FINALLY - PROOF that Stradivari made cases too!
Whether or not the Stradivari workshop made the cases for their instruments, as suggested by the Hills in their biography in 1902, or rather entrusted this work to third parties, has always been subject to debate.
However, a previously miscataloged template from Stradivari’s estate was recently found to be a model for building the interior of a double case – and two baroque-era cases in private collections were found to be a perfect match!
The importance of this discovery cannot be over-estimated, as I write in this month’s issue of The Strad magazine, explaining why and how Stradivari designed and made cases as well as instruments. There is even evidence pointing to the possibility that Stradivari may have actually invented the violin case.
Why is this so important? Because, in addition to the historical significance, it means that now we know there are more Strads waiting to be discovered – albeit cases and not violins! In fact, you might have one already…
If you’re not a Strad subscriber, I’m available here on V.com for any questions. :-)
I didn't know that there was a polemic about if Stradivarius did also cases. I always assumed he did.
It's well known (also from the document you mention) that the instruments were delivered in cases. But who made them?
Time to use those designs for a Strad-case inspired Musafia model.
Do the Strad cases have room for a shoulder rest?
Of course Stradivari made cases.
I have been known to purchase a violin that I didn't want to get the Weber case that it was housing it.
David - that case was a great design! Whenever I loaned out a cello in the past 20 years it always went in my Bluejay hatch top case. I bought it new around 1987. It was great protection, easier to put the cello back in the case than to lay it on the ground or rest it against a chair, stable standing up on the floor even with the hatch door open, and the cello could not fall out.
I just want to say that this is the coolest thing I have read all day.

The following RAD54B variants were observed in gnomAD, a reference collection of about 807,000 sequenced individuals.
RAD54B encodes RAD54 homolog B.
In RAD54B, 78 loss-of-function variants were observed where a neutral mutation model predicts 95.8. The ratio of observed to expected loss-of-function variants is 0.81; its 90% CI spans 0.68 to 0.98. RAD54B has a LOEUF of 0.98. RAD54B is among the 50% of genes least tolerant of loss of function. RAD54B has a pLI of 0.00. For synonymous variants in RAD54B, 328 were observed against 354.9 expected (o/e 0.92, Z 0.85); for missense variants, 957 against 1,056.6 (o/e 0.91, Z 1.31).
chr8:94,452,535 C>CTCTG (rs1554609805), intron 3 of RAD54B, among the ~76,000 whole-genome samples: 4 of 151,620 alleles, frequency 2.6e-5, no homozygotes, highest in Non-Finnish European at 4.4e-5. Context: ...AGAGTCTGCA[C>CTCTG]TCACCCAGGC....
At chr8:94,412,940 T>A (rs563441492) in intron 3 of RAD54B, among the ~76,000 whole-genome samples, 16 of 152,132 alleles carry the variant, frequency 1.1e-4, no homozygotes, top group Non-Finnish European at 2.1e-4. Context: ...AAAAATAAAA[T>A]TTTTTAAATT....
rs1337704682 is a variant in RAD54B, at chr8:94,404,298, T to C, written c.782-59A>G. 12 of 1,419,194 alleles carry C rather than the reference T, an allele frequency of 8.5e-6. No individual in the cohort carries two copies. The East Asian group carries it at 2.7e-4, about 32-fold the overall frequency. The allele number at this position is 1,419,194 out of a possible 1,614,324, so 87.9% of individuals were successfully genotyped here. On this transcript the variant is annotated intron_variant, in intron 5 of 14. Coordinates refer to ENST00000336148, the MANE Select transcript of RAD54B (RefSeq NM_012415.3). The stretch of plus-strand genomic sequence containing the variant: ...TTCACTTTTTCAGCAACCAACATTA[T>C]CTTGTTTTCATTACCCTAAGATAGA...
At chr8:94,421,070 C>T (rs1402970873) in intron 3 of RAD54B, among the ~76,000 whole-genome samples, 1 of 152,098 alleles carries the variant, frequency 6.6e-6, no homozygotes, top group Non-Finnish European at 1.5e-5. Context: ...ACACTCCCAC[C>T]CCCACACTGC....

Pretty sure Stradivarius knew wood was the best (and only available) material for a case. His design ought to have been the best... back then, but I guess he didn't have to worry that some careless owner would drive on his/her own case ;-) ... kidding aside Dimitri, you should design a Stradivarius inspired case, it would be a hot seller no doubt. Tx for sharing this tid bit of information.
The 2008 book "The Art & History of Violin Cases," by Dr. Glen P. Wood has a color photo of a "1680" violin case (either leather or apparently covered in leather) embossed "STRADIVARIO A CRE."
@ David: Thank you for pointing out your involvement with Weber. Common knowledge is that Leroy and Isaac Stern came up with the idea, but that you were involved as well makes sense and is good to know.
BTW, the strange story of the proper identification of the template is the following.
@ Roger: The reason why no specific case-making tools were included in Stradivari's estate is that the cases were made just like a violin, and out the same materials!
Nicely written article Dimitri.
Thank you Roger!
Dimitri Musafia wrote, "But I have always felt myself that Stradivari the perfectionist would not have had his cases made elsewhere, where they could have been copied."
No such implication, John. Not only is today's case making an extremely specialized field (you don't use a gouge any more to carve one from solid wood!), with more than ample choice of products available, but just as important, cases are generally no longer needed or used to ship the violins. There are purpose designed shipping crates available since a long time now, which are preferable for a number of reasons.
Finally. Proof that Stradivari also made beds.
I notice Dimitri that you use piano hinges on the inner pockets of your more expensive cases.Will you use the same hinges on the less expensive ones? Mine has two small brass hinges in which one fell off within the first month of use.Not so good...
Sorry Martin, I didn't get the joke.
"Up to now consensus has been that they "may" have been made in the workshop, or perhaps not. The "Chi Mei" violin case attributed to Stradivari circa 1680 is decorated in gold-leaf obtained through a procedure well-known to book binders of the time, not violin makers."
@ Geoff: You're certainly right that the decoration of the "Chi Mei" case could have been done by a third party, and in my opinion, likely was.
I use a Gewa case, which is very light, and popular among people around me, they say a wooden case is too heavy to carry around.
That's simply not true. More than one manufacturer makes wooden violin cases that weigh less than 2 kg. and offer a high level of instrument protection. You can't get any lighter than that!
Did Stradivari use quality hardware on his cases or was that detail overlooked?
If the hardware lasted over 330 years it must have been OK.
Did that include inner hinges?
Did each Stradivari case include a blanket?
The beds did